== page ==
Every Day is World Wildlife Day

By Phoebe Li

World Wildlife Day raises international awareness for the plight of wild animals and plants. The United Nations General Assembly (UNGA), which established the observance, is emphasizing our responsibility to the natural world with this year’s theme, “The future of wildlife is in our hands,” and a focus on elephants. As a show of support, the Los Angeles Zoo will highlight its contributions to conservation around the world, starting with the Asian elephant.

Asia

Asian Elephant
Elephas maximus indicus

“The future of elephants is in our hands,” proclaims the website for World Wildlife Day 2016, and we agree. Classified Endangered by the International Union for Conservation of Nature (IUCN) since 1986, Asian elephants continue to experience severe habitat loss due to expanding human populations and demand for their ivory. To preserve the elephant population in Cambodia, the L.A. Zoo works with the Cambodia Elephant Conservation Group (CECG), funding surveys that will help CECG monitor and track elephant populations and educate villagers on safely deterring the hungry mammals from destroying farm crops. By educating local communities, CECG hopes to reduce habitat destruction and human-elephant conflict to prevent further population decline of the Asian elephant—there are currently between 250 and 600 wild elephants in Cambodia.

Elephant Female Pair, L.A. Zoo (Photo by Jamie Pham)

Elephant Female Pair (Photo by Jamie Pham)

Tomistoma
Tomistoma schlegelii

The tomistoma (also known as the false gharial) is a freshwater crocodilian that is sometimes mistaken for a small alligator. The current population is listed as vulnerable , with fewer than 2,500 mature adults in the wild. To bring population numbers up and raise awareness for these unique creatures, the L.A. Zoo is co-funding a project, along with the Virginia Zoo, to study the behaviors of tomistomas in Sarawak, Malaysia. With the Zoo’s support, biologist Agata Staniewicz will record the mating calls, breeding ethology, and social hierarchy of tomistomas using hydrophones for acoustic recording. This non-invasive approach is the first of its kind in the study of crocodilians, and it’s conceivably the best way to capture information on the shy, secretive tomistoma.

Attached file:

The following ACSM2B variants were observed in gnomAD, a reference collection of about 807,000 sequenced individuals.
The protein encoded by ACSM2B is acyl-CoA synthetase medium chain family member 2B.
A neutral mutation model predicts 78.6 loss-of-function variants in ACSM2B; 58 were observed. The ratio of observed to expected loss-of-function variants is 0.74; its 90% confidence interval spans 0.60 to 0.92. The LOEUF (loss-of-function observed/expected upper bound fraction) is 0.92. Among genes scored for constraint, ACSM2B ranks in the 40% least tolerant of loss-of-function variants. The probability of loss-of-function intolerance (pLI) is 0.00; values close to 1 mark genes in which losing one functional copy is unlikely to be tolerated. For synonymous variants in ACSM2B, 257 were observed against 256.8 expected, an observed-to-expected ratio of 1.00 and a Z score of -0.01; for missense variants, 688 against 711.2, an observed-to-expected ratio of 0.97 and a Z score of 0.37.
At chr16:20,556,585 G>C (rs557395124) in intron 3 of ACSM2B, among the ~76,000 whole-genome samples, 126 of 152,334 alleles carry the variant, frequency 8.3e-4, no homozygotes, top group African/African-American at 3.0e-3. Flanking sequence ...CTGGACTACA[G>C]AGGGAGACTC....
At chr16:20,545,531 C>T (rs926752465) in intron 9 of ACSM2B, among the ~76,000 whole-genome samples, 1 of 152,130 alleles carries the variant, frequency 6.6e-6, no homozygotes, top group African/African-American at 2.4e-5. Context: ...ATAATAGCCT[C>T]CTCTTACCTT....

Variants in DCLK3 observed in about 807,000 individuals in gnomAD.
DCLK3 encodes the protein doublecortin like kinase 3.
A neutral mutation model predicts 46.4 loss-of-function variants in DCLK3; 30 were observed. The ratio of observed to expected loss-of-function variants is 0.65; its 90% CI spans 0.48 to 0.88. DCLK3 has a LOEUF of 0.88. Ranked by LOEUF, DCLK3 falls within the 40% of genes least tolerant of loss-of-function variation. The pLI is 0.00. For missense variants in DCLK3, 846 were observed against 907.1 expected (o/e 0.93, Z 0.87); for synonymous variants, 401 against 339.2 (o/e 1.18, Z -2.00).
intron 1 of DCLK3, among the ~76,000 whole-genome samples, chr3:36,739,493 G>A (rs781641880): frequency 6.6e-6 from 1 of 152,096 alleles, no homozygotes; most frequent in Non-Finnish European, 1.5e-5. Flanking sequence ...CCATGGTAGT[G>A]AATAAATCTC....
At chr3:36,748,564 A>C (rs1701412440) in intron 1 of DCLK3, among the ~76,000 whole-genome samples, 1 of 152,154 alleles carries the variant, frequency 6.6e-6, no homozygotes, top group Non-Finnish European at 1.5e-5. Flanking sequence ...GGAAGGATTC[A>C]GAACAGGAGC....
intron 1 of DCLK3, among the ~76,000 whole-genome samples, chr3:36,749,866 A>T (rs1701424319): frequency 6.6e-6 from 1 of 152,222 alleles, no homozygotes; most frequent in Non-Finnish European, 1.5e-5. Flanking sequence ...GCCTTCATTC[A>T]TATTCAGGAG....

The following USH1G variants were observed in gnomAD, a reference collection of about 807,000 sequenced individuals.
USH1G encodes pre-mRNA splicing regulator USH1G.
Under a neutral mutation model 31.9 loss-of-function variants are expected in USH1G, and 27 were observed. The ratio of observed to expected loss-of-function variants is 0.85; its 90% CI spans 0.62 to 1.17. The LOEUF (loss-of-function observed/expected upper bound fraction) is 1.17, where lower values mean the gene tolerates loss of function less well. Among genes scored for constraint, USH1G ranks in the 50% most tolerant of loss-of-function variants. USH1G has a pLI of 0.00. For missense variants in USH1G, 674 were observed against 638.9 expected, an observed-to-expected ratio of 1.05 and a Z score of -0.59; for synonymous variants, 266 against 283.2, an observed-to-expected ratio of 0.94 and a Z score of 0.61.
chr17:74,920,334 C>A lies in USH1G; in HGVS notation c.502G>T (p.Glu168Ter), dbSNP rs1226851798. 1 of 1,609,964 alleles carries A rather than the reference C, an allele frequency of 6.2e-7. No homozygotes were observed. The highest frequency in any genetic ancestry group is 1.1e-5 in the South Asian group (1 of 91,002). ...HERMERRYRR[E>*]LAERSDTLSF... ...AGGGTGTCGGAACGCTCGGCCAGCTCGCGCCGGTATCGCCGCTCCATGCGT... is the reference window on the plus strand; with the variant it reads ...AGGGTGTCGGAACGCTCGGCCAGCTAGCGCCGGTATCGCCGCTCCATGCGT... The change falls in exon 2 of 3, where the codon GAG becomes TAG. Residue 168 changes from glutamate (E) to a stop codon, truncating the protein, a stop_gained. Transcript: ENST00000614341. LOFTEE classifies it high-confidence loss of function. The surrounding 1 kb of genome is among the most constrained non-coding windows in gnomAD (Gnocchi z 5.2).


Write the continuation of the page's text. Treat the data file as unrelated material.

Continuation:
Tomistoma Female (Photo by Jamie Pham)

Tomistoma Female (Photo by Jamie Pham)

Australia/ Oceania

Fiji Iguana
Brachylophus vitiensis
The critically endangered Fiji iguana is endemic to a few mostly uninhabited islands in the South Pacific. Eye-catching with its vibrant emerald and cream colors, the iguana’s population has been in decline due to deforestation and the introduction of invasive species such as goats. The L.A. Zoo is helping to fund a captive-breeding program initiated in Fiji by San Diego Zoo Global. The goal of this program is to rebuild the Fiji iguana population and ultimately release captive-bred individuals to the Fijian island of Monuriki in the coming years.

Fiji Island banded iguana (Photo by George Stoneman)

Fiji Island banded iguana (Photo by George Stoneman)

Central America

Harpy Eagle
Harpia harpyja

Throughout their range (Mexico to Argentina), harpy eagle populations are quickly declining due mostly to deforestation. In addition, hunters and farmers intending to protect their livestock often shoot to destroy these misunderstood raptors, which actually hold little threat to domestic animals since their diet consists mainly of sloths and various species of monkey. To help these amazing creatures, the L.A. Zoo provides funding to the Harpy Eagle Conservation project, organized by the Peregrine Fund (TPF). TPF’s conservation education program focuses on restoring harpy eagle populations in Darién, Panama, and teaching its residents to live sustainably alongside the species.

Harpy eagle squawking (Photo by Charlie Morey)

Harpy eagle squawking (Photo by Charlie Morey)

Africa

Okapi
Okapia johnstoni

The endangered okapi is native to the Democratic Republic of the Congo (DRC), where its numbers have been decreasing due to poaching and habitat destruction. The L.A. Zoo not only houses okapi, but also supports the Okapi Conservation Project. Spearheaded by the White Oak Conservation Center in Florida (WOCC) in an effort to protect the DRC’s Okapi Wildlife Reserve, the WOCC also works to educate local DRC communities about eco-friendly practices and promotes the okapi as an “ambassador” species, which represents the biodiversity of its native land and whose conservation also ensures the survival of other species.

Okapi, Waterfall, L.A. Zoo (Photo by Jamie Pham)

Okapi by a waterfall at the L.A. Zoo (Photo by Jamie Pham)